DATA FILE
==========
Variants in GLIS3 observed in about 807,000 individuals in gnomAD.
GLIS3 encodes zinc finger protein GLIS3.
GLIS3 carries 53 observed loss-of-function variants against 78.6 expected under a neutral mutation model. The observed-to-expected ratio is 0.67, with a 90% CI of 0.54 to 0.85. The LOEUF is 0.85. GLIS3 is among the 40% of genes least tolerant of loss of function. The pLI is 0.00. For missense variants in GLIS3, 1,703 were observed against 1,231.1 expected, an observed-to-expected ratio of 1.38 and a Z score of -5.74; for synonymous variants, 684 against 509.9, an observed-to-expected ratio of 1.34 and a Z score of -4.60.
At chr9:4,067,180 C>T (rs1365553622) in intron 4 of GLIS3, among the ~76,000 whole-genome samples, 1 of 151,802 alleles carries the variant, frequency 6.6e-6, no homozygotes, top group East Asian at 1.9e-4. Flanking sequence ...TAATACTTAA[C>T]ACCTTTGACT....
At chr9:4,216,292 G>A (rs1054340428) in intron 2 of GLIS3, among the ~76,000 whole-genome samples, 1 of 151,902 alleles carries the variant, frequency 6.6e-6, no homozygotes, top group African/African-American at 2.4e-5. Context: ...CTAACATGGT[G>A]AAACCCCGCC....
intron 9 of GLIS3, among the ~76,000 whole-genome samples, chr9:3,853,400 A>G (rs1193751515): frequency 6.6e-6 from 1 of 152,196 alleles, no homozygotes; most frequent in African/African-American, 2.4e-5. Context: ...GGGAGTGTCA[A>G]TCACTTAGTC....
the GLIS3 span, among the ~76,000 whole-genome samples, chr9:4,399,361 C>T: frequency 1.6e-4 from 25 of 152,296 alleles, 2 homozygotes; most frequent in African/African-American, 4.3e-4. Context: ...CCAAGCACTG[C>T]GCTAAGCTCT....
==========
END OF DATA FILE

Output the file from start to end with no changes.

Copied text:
Variants in GLIS3 observed in about 807,000 individuals in gnomAD.
GLIS3 encodes zinc finger protein GLIS3.
GLIS3 carries 53 observed loss-of-function variants against 78.6 expected under a neutral mutation model. The observed-to-expected ratio is 0.67, with a 90% CI of 0.54 to 0.85. The LOEUF is 0.85. GLIS3 is among the 40% of genes least tolerant of loss of function. The pLI is 0.00. For missense variants in GLIS3, 1,703 were observed against 1,231.1 expected, an observed-to-expected ratio of 1.38 and a Z score of -5.74; for synonymous variants, 684 against 509.9, an observed-to-expected ratio of 1.34 and a Z score of -4.60.
At chr9:4,067,180 C>T (rs1365553622) in intron 4 of GLIS3, among the ~76,000 whole-genome samples, 1 of 151,802 alleles carries the variant, frequency 6.6e-6, no homozygotes, top group East Asian at 1.9e-4. Flanking sequence ...TAATACTTAA[C>T]ACCTTTGACT....
At chr9:4,216,292 G>A (rs1054340428) in intron 2 of GLIS3, among the ~76,000 whole-genome samples, 1 of 151,902 alleles carries the variant, frequency 6.6e-6, no homozygotes, top group African/African-American at 2.4e-5. Context: ...CTAACATGGT[G>A]AAACCCCGCC....
intron 9 of GLIS3, among the ~76,000 whole-genome samples, chr9:3,853,400 A>G (rs1193751515): frequency 6.6e-6 from 1 of 152,196 alleles, no homozygotes; most frequent in African/African-American, 2.4e-5. Context: ...GGGAGTGTCA[A>G]TCACTTAGTC....
the GLIS3 span, among the ~76,000 whole-genome samples, chr9:4,399,361 C>T: frequency 1.6e-4 from 25 of 152,296 alleles, 2 homozygotes; most frequent in African/African-American, 4.3e-4. Context: ...CCAAGCACTG[C>T]GCTAAGCTCT....